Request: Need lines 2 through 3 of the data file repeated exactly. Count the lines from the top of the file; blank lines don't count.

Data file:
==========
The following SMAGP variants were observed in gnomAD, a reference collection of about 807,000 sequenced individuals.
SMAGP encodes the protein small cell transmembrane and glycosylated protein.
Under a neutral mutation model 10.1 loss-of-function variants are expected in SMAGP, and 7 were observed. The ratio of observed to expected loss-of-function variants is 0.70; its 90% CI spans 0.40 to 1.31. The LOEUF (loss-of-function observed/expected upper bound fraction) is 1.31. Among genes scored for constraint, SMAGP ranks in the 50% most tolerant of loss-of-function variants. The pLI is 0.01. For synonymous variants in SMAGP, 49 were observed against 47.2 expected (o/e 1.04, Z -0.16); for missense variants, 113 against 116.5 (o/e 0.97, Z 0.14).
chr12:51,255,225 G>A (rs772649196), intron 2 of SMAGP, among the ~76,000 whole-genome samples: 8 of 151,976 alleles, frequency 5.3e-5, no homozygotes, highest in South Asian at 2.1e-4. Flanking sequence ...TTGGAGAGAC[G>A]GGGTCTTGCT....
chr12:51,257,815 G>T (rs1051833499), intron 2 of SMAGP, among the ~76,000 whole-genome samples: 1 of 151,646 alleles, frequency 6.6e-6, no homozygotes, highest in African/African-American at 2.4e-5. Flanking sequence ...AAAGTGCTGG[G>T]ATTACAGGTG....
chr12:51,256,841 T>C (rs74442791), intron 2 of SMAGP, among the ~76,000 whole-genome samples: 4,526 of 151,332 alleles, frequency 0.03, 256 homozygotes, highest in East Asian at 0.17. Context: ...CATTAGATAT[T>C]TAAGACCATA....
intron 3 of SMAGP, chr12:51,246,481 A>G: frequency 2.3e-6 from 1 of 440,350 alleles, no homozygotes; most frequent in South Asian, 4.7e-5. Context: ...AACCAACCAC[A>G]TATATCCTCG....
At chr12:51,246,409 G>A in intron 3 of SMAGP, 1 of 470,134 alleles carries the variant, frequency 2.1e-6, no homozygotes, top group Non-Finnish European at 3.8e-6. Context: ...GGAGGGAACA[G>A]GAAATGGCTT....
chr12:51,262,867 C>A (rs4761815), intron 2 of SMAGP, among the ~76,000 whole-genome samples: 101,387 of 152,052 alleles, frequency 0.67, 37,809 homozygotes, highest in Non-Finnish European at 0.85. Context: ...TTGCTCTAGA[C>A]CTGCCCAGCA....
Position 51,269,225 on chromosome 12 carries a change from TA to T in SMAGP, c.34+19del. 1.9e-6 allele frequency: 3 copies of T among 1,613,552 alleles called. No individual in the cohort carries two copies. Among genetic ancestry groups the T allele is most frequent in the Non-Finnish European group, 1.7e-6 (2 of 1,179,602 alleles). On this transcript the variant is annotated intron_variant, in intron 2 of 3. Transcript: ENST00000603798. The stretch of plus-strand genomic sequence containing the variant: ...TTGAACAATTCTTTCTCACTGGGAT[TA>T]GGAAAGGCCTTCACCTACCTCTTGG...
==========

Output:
SMAGP encodes the protein small cell transmembrane and glycosylated protein.
Under a neutral mutation model 10.1 loss-of-function variants are expected in SMAGP, and 7 were observed. The ratio of observed to expected loss-of-function variants is 0.70; its 90% CI spans 0.40 to 1.31. The LOEUF (loss-of-function observed/expected upper bound fraction) is 1.31. Among genes scored for constraint, SMAGP ranks in the 50% most tolerant of loss-of-function variants. The pLI is 0.01. For synonymous variants in SMAGP, 49 were observed against 47.2 expected (o/e 1.04, Z -0.16); for missense variants, 113 against 116.5 (o/e 0.97, Z 0.14).